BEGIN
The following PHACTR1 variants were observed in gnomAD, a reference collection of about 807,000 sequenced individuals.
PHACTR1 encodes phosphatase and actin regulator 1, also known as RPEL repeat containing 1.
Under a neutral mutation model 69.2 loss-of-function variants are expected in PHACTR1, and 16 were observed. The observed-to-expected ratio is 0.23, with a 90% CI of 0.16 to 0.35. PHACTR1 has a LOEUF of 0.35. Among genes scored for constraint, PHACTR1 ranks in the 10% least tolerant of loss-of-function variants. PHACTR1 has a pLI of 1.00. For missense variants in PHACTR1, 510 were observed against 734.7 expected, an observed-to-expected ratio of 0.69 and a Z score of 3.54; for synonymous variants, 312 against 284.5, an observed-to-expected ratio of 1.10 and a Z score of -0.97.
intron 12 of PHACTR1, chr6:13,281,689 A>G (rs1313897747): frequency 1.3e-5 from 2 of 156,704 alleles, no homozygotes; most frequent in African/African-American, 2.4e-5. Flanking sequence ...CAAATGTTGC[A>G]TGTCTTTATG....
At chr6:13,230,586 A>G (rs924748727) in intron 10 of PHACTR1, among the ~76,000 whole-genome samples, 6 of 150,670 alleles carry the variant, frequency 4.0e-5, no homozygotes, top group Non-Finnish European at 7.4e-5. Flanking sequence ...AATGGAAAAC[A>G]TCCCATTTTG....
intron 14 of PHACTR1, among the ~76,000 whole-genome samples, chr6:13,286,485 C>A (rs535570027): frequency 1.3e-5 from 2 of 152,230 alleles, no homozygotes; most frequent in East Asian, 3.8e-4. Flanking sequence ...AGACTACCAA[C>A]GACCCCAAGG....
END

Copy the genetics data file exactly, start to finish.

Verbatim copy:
The following PHACTR1 variants were observed in gnomAD, a reference collection of about 807,000 sequenced individuals.
PHACTR1 encodes phosphatase and actin regulator 1, also known as RPEL repeat containing 1.
Under a neutral mutation model 69.2 loss-of-function variants are expected in PHACTR1, and 16 were observed. The observed-to-expected ratio is 0.23, with a 90% CI of 0.16 to 0.35. PHACTR1 has a LOEUF of 0.35. Among genes scored for constraint, PHACTR1 ranks in the 10% least tolerant of loss-of-function variants. PHACTR1 has a pLI of 1.00. For missense variants in PHACTR1, 510 were observed against 734.7 expected, an observed-to-expected ratio of 0.69 and a Z score of 3.54; for synonymous variants, 312 against 284.5, an observed-to-expected ratio of 1.10 and a Z score of -0.97.
intron 12 of PHACTR1, chr6:13,281,689 A>G (rs1313897747): frequency 1.3e-5 from 2 of 156,704 alleles, no homozygotes; most frequent in African/African-American, 2.4e-5. Flanking sequence ...CAAATGTTGC[A>G]TGTCTTTATG....
At chr6:13,230,586 A>G (rs924748727) in intron 10 of PHACTR1, among the ~76,000 whole-genome samples, 6 of 150,670 alleles carry the variant, frequency 4.0e-5, no homozygotes, top group Non-Finnish European at 7.4e-5. Flanking sequence ...AATGGAAAAC[A>G]TCCCATTTTG....
intron 14 of PHACTR1, among the ~76,000 whole-genome samples, chr6:13,286,485 C>A (rs535570027): frequency 1.3e-5 from 2 of 152,230 alleles, no homozygotes; most frequent in East Asian, 3.8e-4. Flanking sequence ...AGACTACCAA[C>A]GACCCCAAGG....